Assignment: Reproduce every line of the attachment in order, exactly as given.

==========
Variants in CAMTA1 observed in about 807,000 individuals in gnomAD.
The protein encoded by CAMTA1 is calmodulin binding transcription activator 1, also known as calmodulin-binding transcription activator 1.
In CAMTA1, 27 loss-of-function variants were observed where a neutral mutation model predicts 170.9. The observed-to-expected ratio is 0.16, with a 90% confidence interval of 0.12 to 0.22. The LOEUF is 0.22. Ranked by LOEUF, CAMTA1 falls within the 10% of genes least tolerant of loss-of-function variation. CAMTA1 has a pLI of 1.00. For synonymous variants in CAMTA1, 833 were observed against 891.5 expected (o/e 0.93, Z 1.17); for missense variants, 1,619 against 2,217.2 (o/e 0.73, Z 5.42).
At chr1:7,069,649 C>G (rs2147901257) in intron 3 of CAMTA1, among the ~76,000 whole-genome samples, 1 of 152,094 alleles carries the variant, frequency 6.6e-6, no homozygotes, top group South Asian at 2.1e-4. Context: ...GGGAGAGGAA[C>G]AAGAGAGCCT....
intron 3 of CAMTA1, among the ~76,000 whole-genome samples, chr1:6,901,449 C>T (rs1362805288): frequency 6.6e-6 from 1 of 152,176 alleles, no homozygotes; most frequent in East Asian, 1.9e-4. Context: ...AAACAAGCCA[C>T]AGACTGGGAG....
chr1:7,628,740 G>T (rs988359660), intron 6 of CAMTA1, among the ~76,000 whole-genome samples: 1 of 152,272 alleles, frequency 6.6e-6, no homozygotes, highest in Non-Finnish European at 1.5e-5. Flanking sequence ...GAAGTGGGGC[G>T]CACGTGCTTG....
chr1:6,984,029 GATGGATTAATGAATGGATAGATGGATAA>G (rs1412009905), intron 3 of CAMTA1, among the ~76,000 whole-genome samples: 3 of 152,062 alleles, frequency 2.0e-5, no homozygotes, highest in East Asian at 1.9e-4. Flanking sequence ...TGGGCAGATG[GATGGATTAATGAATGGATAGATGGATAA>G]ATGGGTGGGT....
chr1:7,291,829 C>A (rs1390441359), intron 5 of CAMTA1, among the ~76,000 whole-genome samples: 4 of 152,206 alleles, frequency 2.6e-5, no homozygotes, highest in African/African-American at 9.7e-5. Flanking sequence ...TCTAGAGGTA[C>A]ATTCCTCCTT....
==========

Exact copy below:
Variants in CAMTA1 observed in about 807,000 individuals in gnomAD.
The protein encoded by CAMTA1 is calmodulin binding transcription activator 1, also known as calmodulin-binding transcription activator 1.
In CAMTA1, 27 loss-of-function variants were observed where a neutral mutation model predicts 170.9. The observed-to-expected ratio is 0.16, with a 90% confidence interval of 0.12 to 0.22. The LOEUF is 0.22. Ranked by LOEUF, CAMTA1 falls within the 10% of genes least tolerant of loss-of-function variation. CAMTA1 has a pLI of 1.00. For synonymous variants in CAMTA1, 833 were observed against 891.5 expected (o/e 0.93, Z 1.17); for missense variants, 1,619 against 2,217.2 (o/e 0.73, Z 5.42).
At chr1:7,069,649 C>G (rs2147901257) in intron 3 of CAMTA1, among the ~76,000 whole-genome samples, 1 of 152,094 alleles carries the variant, frequency 6.6e-6, no homozygotes, top group South Asian at 2.1e-4. Context: ...GGGAGAGGAA[C>G]AAGAGAGCCT....
intron 3 of CAMTA1, among the ~76,000 whole-genome samples, chr1:6,901,449 C>T (rs1362805288): frequency 6.6e-6 from 1 of 152,176 alleles, no homozygotes; most frequent in East Asian, 1.9e-4. Context: ...AAACAAGCCA[C>T]AGACTGGGAG....
chr1:7,628,740 G>T (rs988359660), intron 6 of CAMTA1, among the ~76,000 whole-genome samples: 1 of 152,272 alleles, frequency 6.6e-6, no homozygotes, highest in Non-Finnish European at 1.5e-5. Flanking sequence ...GAAGTGGGGC[G>T]CACGTGCTTG....
chr1:6,984,029 GATGGATTAATGAATGGATAGATGGATAA>G (rs1412009905), intron 3 of CAMTA1, among the ~76,000 whole-genome samples: 3 of 152,062 alleles, frequency 2.0e-5, no homozygotes, highest in East Asian at 1.9e-4. Flanking sequence ...TGGGCAGATG[GATGGATTAATGAATGGATAGATGGATAA>G]ATGGGTGGGT....
chr1:7,291,829 C>A (rs1390441359), intron 5 of CAMTA1, among the ~76,000 whole-genome samples: 4 of 152,206 alleles, frequency 2.6e-5, no homozygotes, highest in African/African-American at 9.7e-5. Flanking sequence ...TCTAGAGGTA[C>A]ATTCCTCCTT....